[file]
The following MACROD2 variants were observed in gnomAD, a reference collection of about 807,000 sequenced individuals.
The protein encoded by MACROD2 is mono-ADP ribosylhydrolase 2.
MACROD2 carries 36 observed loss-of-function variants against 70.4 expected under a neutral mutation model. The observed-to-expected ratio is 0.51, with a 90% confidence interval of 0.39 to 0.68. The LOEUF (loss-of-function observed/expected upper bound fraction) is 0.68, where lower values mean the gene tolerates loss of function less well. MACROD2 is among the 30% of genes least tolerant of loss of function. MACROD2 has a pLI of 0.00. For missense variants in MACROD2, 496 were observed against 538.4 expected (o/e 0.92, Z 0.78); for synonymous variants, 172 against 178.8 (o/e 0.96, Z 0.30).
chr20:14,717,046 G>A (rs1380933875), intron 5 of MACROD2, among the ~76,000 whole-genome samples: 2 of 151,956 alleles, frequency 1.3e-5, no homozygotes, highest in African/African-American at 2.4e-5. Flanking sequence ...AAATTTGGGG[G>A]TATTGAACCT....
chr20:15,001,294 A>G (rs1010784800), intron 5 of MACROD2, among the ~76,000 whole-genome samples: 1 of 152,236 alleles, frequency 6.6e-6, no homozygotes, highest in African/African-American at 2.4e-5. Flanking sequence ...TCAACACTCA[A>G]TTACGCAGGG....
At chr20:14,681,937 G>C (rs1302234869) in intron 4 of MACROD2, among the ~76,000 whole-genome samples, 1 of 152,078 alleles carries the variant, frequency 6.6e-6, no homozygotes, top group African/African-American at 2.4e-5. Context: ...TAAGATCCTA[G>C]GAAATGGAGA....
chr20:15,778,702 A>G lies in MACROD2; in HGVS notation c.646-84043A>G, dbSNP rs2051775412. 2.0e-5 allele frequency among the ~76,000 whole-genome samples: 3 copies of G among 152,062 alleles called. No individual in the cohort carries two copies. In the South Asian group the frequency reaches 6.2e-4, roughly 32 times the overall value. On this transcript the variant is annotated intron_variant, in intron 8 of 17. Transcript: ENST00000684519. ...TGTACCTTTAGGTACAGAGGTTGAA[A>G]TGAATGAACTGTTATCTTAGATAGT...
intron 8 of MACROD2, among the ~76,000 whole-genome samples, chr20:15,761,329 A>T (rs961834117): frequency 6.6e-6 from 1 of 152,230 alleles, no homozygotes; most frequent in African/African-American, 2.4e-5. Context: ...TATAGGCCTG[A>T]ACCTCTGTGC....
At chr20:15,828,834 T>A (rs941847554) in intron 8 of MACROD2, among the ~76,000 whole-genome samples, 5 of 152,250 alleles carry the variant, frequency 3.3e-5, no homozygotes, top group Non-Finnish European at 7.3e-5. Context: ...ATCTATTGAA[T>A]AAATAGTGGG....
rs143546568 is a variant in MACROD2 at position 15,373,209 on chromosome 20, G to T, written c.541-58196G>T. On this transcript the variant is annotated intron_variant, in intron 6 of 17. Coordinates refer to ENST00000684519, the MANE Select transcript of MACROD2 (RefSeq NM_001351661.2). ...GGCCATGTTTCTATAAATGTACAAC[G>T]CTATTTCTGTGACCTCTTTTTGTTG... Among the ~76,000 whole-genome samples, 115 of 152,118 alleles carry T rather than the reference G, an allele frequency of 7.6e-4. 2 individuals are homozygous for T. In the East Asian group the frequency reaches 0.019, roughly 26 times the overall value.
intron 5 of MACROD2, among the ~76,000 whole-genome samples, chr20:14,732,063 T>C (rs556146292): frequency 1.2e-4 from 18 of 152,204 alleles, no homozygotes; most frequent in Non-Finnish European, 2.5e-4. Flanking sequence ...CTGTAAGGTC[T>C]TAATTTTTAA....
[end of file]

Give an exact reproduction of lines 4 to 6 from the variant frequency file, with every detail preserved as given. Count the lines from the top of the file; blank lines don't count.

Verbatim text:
chr20:14,717,046 G>A (rs1380933875), intron 5 of MACROD2, among the ~76,000 whole-genome samples: 2 of 151,956 alleles, frequency 1.3e-5, no homozygotes, highest in African/African-American at 2.4e-5. Flanking sequence ...AAATTTGGGG[G>A]TATTGAACCT....
chr20:15,001,294 A>G (rs1010784800), intron 5 of MACROD2, among the ~76,000 whole-genome samples: 1 of 152,236 alleles, frequency 6.6e-6, no homozygotes, highest in African/African-American at 2.4e-5. Flanking sequence ...TCAACACTCA[A>G]TTACGCAGGG....
At chr20:14,681,937 G>C (rs1302234869) in intron 4 of MACROD2, among the ~76,000 whole-genome samples, 1 of 152,078 alleles carries the variant, frequency 6.6e-6, no homozygotes, top group African/African-American at 2.4e-5. Context: ...TAAGATCCTA[G>C]GAAATGGAGA....